What is Qigong?

What Is Qigong?

by Solala Towler





“What is this thing you do?”

he asked, hesitantly,

over the phone,

“this quee gong?”

(The transliteration of Chinese

being so ridiculous

that no one knows how to pronounce

anything they read.

Taiji teachers all over the country

still call it tai chee,

people do divination using the

eye ching,

meaning romantic love in Chinese.)

“Is it a martial art?”

he asks,

“or is it some kind of health practice?”

“well,” I answer,

it is a health practice,

it’s also a meditation practice,

as well as a spiritual practice.”

“Wow,” he says,

“all in one package huh?

What a deal!”


I suppose qigong

could be called

a sort of




Then again,

there’s no need

to get so technical.

Qigong is really

just something that I do,

like breathing,

like eating,

like dancing,

like making love.

Making love

with the universe,

you might call it.

An amorous, attentive,

articulated, attitude

of openness and grace,

an exchange

on a deep and basic level

on my inner being

with that of the great

undivided, unending,

undissolved Dao.

And with that exchange

comes balance, harmony,

a composure of spirit,

a deepening of character,

a relaxing of mind muscles,

a feel of safety,

of being at home,

of being empty

and full at the same time,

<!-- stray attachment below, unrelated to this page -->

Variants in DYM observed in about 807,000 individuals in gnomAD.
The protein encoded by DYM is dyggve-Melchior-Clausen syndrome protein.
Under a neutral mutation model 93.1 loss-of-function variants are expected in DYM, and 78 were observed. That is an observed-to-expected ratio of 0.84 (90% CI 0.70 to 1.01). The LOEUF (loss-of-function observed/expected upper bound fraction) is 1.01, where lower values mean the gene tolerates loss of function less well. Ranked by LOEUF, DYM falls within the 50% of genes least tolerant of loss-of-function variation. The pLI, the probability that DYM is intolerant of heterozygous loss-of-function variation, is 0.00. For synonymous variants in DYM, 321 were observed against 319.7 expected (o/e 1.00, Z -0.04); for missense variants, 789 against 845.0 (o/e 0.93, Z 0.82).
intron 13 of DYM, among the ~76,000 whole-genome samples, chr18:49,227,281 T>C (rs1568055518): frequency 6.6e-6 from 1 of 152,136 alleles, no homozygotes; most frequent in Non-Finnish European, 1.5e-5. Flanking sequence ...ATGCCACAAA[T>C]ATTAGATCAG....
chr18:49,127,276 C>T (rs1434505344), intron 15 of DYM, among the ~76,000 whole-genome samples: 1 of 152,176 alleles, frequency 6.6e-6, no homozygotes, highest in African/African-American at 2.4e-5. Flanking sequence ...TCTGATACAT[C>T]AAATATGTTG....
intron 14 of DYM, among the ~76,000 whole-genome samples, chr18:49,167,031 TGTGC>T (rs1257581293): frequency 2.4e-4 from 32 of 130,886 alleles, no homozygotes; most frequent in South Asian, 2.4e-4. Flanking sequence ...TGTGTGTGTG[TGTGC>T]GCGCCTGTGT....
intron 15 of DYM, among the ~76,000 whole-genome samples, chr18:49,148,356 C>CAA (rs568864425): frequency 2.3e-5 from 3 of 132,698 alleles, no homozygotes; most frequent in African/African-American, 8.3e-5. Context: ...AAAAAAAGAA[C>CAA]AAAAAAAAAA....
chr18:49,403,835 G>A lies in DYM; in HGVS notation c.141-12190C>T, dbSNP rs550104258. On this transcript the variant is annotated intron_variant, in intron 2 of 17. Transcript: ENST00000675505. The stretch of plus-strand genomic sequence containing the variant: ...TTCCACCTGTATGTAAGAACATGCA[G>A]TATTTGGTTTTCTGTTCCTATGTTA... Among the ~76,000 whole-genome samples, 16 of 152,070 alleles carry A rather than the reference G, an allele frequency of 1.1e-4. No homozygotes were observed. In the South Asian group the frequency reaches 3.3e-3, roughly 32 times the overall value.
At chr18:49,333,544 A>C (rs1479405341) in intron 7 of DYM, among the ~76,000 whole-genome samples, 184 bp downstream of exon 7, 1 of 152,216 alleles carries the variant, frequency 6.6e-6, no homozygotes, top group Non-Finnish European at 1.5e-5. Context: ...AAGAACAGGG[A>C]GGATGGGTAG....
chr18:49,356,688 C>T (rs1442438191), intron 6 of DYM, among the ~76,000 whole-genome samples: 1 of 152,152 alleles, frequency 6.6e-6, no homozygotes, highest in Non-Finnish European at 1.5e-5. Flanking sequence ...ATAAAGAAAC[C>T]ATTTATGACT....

of being attentive to detail,

clear of vision,

open of heart,

soft yet strong

like water, like wind,

sensitive to changes

in the energetic atmosphere,

simply joy in beingness,

compassion for the sufferings

of those around me

as well as myself,

a sense of proportion,

of objectivity,

of opening to change,

transformation and miracles,

a greater sense of

who I am myself

and how I fit into

the grand scheme of things,

a deeper understanding

of how I fit into nature

and how nature fits

in to me.


Of course sometimes,

it’s just too hard,

too tedious, too boring,

too hot, too little sleep,

not in the mood,

no time, no quiet,

too much to do,

too much to understand,

too much to remember,

too hard to stretch,

to breathe,

to stop my madly

running mind,

I’m too off center,

too sad,

too anxious,

too impatient.

too spaced out,

too distracted,

too distraught,

too confused,

feeling hopeless,

out of whack,

deflated, defeated,

dissolved in my own

sense of importance

or no-importance.


But still, the practice,

the form,

the breathing,

the focusing,